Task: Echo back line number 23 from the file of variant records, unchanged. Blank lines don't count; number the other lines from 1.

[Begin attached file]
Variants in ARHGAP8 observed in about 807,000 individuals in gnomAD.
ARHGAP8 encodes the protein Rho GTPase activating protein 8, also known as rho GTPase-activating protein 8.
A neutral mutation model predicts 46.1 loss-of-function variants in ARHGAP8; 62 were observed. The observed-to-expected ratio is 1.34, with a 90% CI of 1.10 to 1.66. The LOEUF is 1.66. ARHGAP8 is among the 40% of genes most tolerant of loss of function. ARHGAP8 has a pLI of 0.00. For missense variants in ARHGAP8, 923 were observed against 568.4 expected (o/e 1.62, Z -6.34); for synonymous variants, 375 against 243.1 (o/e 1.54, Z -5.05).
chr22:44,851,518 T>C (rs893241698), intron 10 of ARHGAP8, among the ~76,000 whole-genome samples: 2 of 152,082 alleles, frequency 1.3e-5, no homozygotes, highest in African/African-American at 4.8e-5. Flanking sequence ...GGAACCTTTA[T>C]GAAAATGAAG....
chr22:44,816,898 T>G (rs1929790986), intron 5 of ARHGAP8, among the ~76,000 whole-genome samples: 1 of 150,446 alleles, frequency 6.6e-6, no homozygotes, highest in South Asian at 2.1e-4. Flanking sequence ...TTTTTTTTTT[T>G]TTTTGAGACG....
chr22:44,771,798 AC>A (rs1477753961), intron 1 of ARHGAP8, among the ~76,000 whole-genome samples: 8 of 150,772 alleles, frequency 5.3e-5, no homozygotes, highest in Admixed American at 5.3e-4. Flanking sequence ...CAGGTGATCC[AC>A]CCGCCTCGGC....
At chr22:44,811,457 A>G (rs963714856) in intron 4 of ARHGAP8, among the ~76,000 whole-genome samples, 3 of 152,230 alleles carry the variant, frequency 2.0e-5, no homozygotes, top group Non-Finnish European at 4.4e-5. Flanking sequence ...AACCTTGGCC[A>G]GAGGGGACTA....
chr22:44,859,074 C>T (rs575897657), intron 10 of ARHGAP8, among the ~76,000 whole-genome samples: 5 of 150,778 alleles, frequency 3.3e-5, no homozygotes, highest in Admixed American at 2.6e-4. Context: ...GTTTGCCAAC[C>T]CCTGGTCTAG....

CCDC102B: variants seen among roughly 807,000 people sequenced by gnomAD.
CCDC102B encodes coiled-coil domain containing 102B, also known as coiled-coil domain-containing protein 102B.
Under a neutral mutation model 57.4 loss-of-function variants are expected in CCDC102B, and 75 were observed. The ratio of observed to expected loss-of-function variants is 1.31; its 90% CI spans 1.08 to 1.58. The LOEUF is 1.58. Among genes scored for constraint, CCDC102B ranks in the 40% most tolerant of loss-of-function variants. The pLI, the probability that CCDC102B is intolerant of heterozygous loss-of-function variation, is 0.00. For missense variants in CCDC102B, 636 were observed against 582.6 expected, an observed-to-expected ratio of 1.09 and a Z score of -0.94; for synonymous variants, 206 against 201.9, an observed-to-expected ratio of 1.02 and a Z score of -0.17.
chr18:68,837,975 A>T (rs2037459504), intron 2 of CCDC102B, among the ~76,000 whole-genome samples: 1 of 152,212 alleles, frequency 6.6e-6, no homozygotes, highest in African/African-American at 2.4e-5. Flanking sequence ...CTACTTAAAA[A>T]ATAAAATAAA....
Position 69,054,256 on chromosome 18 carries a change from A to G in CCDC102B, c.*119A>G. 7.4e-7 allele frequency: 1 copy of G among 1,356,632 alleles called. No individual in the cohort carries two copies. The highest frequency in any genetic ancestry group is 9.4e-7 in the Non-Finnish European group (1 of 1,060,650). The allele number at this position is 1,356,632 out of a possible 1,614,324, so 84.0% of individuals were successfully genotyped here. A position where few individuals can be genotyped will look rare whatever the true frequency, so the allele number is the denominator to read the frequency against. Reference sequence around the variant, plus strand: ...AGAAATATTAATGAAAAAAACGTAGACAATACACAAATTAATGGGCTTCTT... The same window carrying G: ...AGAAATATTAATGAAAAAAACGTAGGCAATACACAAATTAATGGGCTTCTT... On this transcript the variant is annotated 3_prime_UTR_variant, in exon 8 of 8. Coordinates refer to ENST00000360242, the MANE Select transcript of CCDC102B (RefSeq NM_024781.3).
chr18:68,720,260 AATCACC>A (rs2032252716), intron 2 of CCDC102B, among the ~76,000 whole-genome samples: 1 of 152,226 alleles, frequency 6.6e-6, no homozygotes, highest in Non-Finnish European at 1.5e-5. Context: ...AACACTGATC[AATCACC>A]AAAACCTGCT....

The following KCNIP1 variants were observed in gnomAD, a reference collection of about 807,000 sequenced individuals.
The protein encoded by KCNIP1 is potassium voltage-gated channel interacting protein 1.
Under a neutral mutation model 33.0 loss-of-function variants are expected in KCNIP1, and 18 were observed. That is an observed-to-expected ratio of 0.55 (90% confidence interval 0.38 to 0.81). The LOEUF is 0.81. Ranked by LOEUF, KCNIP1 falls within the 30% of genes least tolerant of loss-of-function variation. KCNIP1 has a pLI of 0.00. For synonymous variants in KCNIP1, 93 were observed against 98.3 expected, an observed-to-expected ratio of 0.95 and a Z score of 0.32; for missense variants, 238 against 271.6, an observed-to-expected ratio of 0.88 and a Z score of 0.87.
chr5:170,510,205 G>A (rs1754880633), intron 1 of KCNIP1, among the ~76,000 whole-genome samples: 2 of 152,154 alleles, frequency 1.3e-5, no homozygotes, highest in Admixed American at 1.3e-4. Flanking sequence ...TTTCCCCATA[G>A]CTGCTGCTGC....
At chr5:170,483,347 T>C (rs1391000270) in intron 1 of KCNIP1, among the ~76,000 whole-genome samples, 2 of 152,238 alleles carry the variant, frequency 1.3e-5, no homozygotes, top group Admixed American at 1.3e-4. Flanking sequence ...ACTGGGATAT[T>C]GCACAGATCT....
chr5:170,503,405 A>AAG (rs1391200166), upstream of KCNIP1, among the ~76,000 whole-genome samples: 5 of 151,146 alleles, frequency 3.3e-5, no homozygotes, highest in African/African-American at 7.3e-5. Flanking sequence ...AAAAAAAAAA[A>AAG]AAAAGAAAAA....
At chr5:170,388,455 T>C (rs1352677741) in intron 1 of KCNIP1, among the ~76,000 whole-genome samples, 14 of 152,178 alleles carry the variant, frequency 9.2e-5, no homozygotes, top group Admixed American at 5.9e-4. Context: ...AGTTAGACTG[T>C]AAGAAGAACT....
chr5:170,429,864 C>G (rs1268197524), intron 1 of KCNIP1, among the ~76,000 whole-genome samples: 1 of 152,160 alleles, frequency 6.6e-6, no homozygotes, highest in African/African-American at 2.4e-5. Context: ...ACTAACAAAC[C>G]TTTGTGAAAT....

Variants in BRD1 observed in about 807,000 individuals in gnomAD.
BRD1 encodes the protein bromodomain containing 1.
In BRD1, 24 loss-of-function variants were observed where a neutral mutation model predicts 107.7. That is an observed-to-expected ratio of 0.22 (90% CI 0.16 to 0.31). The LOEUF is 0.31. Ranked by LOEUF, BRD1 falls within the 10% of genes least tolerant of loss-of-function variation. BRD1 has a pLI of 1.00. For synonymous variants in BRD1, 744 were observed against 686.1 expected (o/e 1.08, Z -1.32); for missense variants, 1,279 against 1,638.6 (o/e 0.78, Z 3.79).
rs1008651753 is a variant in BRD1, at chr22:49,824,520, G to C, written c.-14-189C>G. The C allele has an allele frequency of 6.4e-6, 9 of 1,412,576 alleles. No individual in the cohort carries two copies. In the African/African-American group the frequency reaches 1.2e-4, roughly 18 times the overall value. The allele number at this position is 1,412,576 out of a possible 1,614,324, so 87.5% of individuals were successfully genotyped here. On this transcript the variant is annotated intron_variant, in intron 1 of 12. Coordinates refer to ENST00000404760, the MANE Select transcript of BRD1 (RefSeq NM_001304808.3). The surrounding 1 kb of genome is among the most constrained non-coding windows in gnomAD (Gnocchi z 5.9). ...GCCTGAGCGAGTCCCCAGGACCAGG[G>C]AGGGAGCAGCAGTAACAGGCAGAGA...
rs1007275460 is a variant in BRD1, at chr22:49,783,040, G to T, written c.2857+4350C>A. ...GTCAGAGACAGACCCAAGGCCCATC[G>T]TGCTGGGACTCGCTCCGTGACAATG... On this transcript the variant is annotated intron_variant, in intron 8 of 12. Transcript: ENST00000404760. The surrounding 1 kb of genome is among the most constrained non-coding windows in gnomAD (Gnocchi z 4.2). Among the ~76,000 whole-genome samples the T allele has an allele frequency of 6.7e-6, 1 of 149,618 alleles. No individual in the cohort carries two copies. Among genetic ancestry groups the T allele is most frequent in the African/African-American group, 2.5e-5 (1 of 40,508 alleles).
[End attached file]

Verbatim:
Variants in BRD1 observed in about 807,000 individuals in gnomAD.